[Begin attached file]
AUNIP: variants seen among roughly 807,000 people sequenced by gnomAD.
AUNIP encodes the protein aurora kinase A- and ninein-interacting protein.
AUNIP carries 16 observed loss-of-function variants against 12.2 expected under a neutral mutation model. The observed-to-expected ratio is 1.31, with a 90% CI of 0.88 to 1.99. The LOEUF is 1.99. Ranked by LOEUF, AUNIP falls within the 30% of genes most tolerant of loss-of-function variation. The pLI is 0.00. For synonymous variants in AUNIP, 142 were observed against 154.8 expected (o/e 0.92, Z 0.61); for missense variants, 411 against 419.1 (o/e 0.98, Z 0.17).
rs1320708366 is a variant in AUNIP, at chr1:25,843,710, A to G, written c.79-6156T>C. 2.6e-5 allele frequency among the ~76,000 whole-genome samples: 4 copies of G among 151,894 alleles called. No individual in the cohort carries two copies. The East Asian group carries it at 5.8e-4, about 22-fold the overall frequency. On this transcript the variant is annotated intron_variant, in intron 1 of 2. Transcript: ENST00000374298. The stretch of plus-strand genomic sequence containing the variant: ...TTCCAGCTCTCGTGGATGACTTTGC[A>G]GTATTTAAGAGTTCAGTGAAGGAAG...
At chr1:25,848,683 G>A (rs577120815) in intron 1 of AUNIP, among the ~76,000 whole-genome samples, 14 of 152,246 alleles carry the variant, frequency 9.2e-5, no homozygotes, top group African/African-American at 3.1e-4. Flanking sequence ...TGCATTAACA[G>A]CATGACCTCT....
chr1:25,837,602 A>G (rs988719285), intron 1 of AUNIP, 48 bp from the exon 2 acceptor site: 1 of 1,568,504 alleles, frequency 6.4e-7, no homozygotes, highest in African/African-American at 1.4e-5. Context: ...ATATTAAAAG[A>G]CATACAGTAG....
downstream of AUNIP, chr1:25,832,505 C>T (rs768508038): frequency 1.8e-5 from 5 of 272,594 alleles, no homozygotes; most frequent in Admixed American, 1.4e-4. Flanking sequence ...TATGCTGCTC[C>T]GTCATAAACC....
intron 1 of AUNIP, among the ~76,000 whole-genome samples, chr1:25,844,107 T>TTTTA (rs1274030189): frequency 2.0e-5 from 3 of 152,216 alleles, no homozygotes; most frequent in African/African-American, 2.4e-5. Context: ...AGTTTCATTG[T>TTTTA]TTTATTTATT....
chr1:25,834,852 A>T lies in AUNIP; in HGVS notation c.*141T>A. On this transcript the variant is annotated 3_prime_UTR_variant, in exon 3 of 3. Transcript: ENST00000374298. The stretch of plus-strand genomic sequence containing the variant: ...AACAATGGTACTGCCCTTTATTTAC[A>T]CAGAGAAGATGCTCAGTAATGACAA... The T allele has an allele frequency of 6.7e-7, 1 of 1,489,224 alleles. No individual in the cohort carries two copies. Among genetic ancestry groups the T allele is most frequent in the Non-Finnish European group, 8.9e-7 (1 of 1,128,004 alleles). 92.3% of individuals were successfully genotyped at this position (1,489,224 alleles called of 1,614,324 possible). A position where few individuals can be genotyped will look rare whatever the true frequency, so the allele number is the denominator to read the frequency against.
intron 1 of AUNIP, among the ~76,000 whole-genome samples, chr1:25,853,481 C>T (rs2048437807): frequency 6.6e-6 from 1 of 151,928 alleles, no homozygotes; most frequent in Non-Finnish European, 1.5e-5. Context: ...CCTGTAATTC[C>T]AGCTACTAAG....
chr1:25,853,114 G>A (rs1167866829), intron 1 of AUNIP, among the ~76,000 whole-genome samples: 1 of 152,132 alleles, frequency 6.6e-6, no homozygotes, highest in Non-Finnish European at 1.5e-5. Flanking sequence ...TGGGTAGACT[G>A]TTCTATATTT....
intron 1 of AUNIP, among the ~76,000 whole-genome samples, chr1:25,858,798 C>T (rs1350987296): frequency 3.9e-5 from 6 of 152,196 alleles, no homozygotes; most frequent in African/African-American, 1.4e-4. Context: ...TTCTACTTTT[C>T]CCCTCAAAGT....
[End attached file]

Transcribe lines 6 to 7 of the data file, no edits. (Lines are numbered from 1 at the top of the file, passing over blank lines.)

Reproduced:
chr1:25,837,602 A>G (rs988719285), intron 1 of AUNIP, 48 bp from the exon 2 acceptor site: 1 of 1,568,504 alleles, frequency 6.4e-7, no homozygotes, highest in African/African-American at 1.4e-5. Context: ...ATATTAAAAG[A>G]CATACAGTAG....
downstream of AUNIP, chr1:25,832,505 C>T (rs768508038): frequency 1.8e-5 from 5 of 272,594 alleles, no homozygotes; most frequent in Admixed American, 1.4e-4. Flanking sequence ...TATGCTGCTC[C>T]GTCATAAACC....